Hanson Residents Will Receive $250 Compensation Due to Mold
By Benjamin Pontz, Managing News Editor
Residents of Hanson Hall, a first-year residence hall affected by mold that is currently being remediated, will receive $250 in compensation to “defray the costs of relocation and cleaning,” Associate Dean of College Life for Residential and First-Year Programs Keira Kant said in an email to Hanson Hall residents Monday morning.
“While I realize this may not be the outcome that some students were expecting based on the initial scope of the issue, this compensation is in recognition of the challenges that have come with this process for all residents and is intended to defray any incidental costs you have or may incur as a result,” Kant said.
Hanson residents will not, however, receive any preference in the sophomore housing lottery, which was initially under consideration and mentioned to residents of the basement, where the mold issue was first discovered. After the college decided that the entire building required cleaning during the semester, it was determined that no Hanson residents will receive housing lottery preference.
An email sent by Kant to residents of the Hanson basement, where mold was first discovered, on Jan. 24 indicated that those basement residents would receive priority in the housing lottery, but that calculus changed after mold was determined to be in need of remediation on the first, second, and third floors, Jamie Yates, Executive Director of Communications and Media Relations told The Gettysburgian last week.
“I think the girls from the basement deserve to have a boost in the lottery,” said Julia Chin ’21, who lives on the second floor of Hanson. “They had to move across campus as soon as school started, and most got split up from their roommates.”
Yates said in an email late Tuesday that the $250 compensation was in recognition of the mold’s effect on students.
“We understand the remediation project in Hanson is impacting residents in different ways including some added costs for students,” she said. “Our intention is to assist with defraying some of the unexpected costs and inconvenience experienced by Hanson residents. While the costs incurred by each student may vary, we believe $250 is a reasonable amount.”
The total cost of compensating the building’s roughly 158 residents is about $40,000. Yates said this allocation will not affect the Office of Residential and First-Year Programs’ budget or programs, stating only that the college has identified a source of funding for the remediation project in response to a question about the source of funds.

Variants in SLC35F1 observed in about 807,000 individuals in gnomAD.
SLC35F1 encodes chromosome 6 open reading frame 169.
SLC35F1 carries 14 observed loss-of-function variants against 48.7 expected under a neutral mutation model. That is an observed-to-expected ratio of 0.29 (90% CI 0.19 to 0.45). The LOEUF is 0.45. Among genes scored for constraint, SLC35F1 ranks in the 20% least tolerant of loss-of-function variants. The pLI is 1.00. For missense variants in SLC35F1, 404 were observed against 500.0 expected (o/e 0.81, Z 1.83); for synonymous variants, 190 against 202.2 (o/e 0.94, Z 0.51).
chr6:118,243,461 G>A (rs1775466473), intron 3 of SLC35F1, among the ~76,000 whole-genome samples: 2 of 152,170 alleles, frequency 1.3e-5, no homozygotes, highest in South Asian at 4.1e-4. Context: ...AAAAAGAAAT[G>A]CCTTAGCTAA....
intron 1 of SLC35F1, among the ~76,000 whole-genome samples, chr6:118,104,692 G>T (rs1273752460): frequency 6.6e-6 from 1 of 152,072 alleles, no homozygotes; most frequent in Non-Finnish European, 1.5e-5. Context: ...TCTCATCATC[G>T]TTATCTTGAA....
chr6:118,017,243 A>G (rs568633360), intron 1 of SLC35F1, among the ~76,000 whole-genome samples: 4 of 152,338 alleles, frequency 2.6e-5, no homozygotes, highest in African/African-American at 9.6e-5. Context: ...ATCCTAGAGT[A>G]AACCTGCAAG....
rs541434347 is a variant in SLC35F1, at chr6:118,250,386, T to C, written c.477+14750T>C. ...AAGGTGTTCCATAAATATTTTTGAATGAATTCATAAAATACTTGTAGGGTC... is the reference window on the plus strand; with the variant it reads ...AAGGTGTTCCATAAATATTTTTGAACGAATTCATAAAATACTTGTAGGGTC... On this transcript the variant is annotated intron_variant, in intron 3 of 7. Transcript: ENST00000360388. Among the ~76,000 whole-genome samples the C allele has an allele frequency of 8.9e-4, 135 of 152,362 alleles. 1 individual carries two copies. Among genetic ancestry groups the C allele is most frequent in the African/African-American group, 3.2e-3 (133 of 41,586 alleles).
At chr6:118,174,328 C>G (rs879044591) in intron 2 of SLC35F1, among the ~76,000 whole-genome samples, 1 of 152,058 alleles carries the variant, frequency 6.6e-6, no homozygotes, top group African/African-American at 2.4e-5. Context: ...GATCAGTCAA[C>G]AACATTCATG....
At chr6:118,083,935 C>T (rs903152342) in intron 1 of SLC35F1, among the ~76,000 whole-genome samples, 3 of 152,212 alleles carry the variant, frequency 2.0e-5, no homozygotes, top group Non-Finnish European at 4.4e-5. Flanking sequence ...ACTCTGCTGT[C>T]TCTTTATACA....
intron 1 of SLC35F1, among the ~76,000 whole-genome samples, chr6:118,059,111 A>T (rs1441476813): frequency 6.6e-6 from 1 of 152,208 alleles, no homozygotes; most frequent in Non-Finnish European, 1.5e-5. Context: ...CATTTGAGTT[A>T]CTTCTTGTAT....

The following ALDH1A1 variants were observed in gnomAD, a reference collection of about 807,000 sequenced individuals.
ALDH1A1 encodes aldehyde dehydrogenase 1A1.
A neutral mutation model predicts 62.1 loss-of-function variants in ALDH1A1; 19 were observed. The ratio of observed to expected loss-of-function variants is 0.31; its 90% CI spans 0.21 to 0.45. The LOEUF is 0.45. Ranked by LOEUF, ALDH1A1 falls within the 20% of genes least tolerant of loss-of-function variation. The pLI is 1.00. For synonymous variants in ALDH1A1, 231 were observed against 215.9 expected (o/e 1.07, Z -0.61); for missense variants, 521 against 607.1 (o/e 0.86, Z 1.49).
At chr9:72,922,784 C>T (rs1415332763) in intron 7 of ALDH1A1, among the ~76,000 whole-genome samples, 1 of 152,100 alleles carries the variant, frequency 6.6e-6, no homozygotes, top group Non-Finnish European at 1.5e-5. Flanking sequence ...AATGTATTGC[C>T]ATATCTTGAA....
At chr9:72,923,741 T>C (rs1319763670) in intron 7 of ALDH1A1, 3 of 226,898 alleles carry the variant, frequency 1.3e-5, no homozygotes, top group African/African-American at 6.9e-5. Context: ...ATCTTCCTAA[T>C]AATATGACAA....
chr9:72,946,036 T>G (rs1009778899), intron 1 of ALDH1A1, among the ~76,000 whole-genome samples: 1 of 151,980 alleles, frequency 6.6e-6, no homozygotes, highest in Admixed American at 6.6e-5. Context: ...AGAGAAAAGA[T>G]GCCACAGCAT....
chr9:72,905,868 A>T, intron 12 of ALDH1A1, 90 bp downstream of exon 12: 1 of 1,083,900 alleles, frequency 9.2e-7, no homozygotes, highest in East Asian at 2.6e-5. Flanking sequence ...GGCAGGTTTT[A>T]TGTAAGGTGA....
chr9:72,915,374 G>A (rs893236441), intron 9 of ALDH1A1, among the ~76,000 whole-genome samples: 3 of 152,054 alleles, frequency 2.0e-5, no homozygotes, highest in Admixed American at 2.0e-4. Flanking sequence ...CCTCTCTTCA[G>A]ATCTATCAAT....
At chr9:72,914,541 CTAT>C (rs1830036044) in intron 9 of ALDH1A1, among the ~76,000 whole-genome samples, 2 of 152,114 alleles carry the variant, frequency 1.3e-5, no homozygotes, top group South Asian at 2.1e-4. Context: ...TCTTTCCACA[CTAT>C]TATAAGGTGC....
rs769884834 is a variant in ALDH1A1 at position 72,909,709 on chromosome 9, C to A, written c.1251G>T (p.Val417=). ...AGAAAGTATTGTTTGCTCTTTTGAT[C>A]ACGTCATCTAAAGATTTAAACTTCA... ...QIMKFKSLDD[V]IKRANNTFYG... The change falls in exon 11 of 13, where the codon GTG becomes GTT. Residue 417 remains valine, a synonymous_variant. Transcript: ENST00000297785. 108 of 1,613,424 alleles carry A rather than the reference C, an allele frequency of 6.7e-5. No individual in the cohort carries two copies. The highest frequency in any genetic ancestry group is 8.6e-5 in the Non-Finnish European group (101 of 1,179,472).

“I think it’s great the college decided to take action and compensate us for the mold issues we’ve had in the dorm,” said Michael Schuler ’21. “While getting a higher housing lottery number seems the ideal solution for the problem, I can see where it kind of destroys the whole reward behind earning CYC [Charting Your Course, the first-year extended orientation program] credits and obtaining a high GPA for people outside of Hanson.”
Not all students approve of the college’s handling of the situation.
“I’m mad at the fact that we had to move in such a short notice, and I heard mold was an issue before from people living there in the past. It wasn’t until someone got sick that they became concerned,” said Mariam Martinez ’21, who lived in the basement last semester.
While the college was unable to confirm any medical issues arising from the mold due to privacy issues, The Gettysburgian has heard from multiple students who claim to have experienced symptoms consistent with mold allergies as well as students who lived in Hanson Hall last year that indicated personal property was damaged by mold.
On that front, at Monday evening’s Student Senate meeting, Senator Abby Hauer ’21 said that she is aware of students who discarded items totaling a greater value than $250 due to the effects of mold.
In response, Student Senate President Luke Frigon said, “The college should pay you back,” and referred the item to the Senate Opinions Committee for further discussion.
Yates said the college will not compensate anyone beyond the $250 allocated to each Hanson resident, suggesting that personal items may be covered under personal insurance.
Staff Writer Maddie Neiman contributed to this report.